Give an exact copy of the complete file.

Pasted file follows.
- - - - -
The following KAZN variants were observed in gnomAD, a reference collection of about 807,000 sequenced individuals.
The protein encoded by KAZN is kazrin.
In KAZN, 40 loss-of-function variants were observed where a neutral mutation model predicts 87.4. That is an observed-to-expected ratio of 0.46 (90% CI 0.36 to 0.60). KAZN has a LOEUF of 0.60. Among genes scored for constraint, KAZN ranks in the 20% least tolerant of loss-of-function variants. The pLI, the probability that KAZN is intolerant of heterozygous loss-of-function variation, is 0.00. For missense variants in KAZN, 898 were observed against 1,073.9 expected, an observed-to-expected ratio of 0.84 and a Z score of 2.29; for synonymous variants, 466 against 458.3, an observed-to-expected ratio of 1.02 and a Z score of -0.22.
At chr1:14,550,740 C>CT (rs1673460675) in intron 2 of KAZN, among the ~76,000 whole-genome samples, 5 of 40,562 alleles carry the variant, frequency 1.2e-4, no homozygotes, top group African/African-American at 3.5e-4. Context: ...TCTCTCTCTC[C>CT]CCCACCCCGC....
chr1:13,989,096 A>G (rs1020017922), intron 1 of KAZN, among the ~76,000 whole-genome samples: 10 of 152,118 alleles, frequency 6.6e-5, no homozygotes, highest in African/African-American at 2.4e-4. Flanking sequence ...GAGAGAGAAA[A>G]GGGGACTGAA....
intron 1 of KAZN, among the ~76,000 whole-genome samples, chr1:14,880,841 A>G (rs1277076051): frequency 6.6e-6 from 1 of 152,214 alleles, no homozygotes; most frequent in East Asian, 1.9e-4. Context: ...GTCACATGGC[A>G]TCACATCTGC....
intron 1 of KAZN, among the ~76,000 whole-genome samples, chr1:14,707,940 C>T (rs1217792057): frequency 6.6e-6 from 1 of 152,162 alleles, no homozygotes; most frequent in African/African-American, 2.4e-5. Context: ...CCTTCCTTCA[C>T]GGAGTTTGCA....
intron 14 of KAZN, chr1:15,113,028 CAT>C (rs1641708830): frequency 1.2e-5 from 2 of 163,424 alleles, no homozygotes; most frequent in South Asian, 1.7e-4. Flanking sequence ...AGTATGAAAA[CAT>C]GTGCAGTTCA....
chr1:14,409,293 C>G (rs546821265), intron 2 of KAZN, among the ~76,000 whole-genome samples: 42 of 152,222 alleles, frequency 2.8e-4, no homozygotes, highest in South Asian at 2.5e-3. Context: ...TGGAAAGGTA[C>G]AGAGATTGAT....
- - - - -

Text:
The following KAZN variants were observed in gnomAD, a reference collection of about 807,000 sequenced individuals.
The protein encoded by KAZN is kazrin.
In KAZN, 40 loss-of-function variants were observed where a neutral mutation model predicts 87.4. That is an observed-to-expected ratio of 0.46 (90% CI 0.36 to 0.60). KAZN has a LOEUF of 0.60. Among genes scored for constraint, KAZN ranks in the 20% least tolerant of loss-of-function variants. The pLI, the probability that KAZN is intolerant of heterozygous loss-of-function variation, is 0.00. For missense variants in KAZN, 898 were observed against 1,073.9 expected, an observed-to-expected ratio of 0.84 and a Z score of 2.29; for synonymous variants, 466 against 458.3, an observed-to-expected ratio of 1.02 and a Z score of -0.22.
At chr1:14,550,740 C>CT (rs1673460675) in intron 2 of KAZN, among the ~76,000 whole-genome samples, 5 of 40,562 alleles carry the variant, frequency 1.2e-4, no homozygotes, top group African/African-American at 3.5e-4. Context: ...TCTCTCTCTC[C>CT]CCCACCCCGC....
chr1:13,989,096 A>G (rs1020017922), intron 1 of KAZN, among the ~76,000 whole-genome samples: 10 of 152,118 alleles, frequency 6.6e-5, no homozygotes, highest in African/African-American at 2.4e-4. Flanking sequence ...GAGAGAGAAA[A>G]GGGGACTGAA....
intron 1 of KAZN, among the ~76,000 whole-genome samples, chr1:14,880,841 A>G (rs1277076051): frequency 6.6e-6 from 1 of 152,214 alleles, no homozygotes; most frequent in East Asian, 1.9e-4. Context: ...GTCACATGGC[A>G]TCACATCTGC....
intron 1 of KAZN, among the ~76,000 whole-genome samples, chr1:14,707,940 C>T (rs1217792057): frequency 6.6e-6 from 1 of 152,162 alleles, no homozygotes; most frequent in African/African-American, 2.4e-5. Context: ...CCTTCCTTCA[C>T]GGAGTTTGCA....
intron 14 of KAZN, chr1:15,113,028 CAT>C (rs1641708830): frequency 1.2e-5 from 2 of 163,424 alleles, no homozygotes; most frequent in South Asian, 1.7e-4. Flanking sequence ...AGTATGAAAA[CAT>C]GTGCAGTTCA....
chr1:14,409,293 C>G (rs546821265), intron 2 of KAZN, among the ~76,000 whole-genome samples: 42 of 152,222 alleles, frequency 2.8e-4, no homozygotes, highest in South Asian at 2.5e-3. Context: ...TGGAAAGGTA[C>G]AGAGATTGAT....